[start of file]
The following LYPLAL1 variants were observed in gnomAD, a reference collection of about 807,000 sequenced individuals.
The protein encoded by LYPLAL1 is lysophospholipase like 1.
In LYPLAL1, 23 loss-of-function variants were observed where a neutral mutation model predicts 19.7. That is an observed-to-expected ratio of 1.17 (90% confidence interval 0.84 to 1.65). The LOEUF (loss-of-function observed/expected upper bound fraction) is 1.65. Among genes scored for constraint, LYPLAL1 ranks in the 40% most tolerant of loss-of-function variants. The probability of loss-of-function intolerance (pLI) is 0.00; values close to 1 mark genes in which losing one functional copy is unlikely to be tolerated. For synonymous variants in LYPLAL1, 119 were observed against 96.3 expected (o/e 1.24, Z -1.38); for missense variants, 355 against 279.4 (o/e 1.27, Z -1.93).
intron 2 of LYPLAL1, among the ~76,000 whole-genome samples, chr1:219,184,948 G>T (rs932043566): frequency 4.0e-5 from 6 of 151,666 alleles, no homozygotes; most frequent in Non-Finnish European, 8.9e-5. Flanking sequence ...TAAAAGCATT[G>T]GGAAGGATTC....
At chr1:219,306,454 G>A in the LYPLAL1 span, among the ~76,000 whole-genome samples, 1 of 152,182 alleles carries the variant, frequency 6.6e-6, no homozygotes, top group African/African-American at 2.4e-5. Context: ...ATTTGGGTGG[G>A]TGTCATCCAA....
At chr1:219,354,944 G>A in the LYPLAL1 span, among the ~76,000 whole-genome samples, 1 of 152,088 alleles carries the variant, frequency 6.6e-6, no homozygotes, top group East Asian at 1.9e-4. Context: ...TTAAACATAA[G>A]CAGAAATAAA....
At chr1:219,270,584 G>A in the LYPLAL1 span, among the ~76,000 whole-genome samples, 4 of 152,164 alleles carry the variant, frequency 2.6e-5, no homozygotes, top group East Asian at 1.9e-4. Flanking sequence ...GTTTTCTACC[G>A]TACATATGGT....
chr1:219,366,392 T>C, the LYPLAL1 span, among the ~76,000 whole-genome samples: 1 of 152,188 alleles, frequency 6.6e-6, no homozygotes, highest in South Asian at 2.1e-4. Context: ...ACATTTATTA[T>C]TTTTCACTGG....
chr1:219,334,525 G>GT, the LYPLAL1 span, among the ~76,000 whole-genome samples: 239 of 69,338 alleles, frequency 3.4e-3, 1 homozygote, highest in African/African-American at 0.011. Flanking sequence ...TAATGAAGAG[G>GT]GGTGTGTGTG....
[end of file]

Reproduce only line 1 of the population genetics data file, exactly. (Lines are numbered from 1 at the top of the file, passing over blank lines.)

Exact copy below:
The following LYPLAL1 variants were observed in gnomAD, a reference collection of about 807,000 sequenced individuals.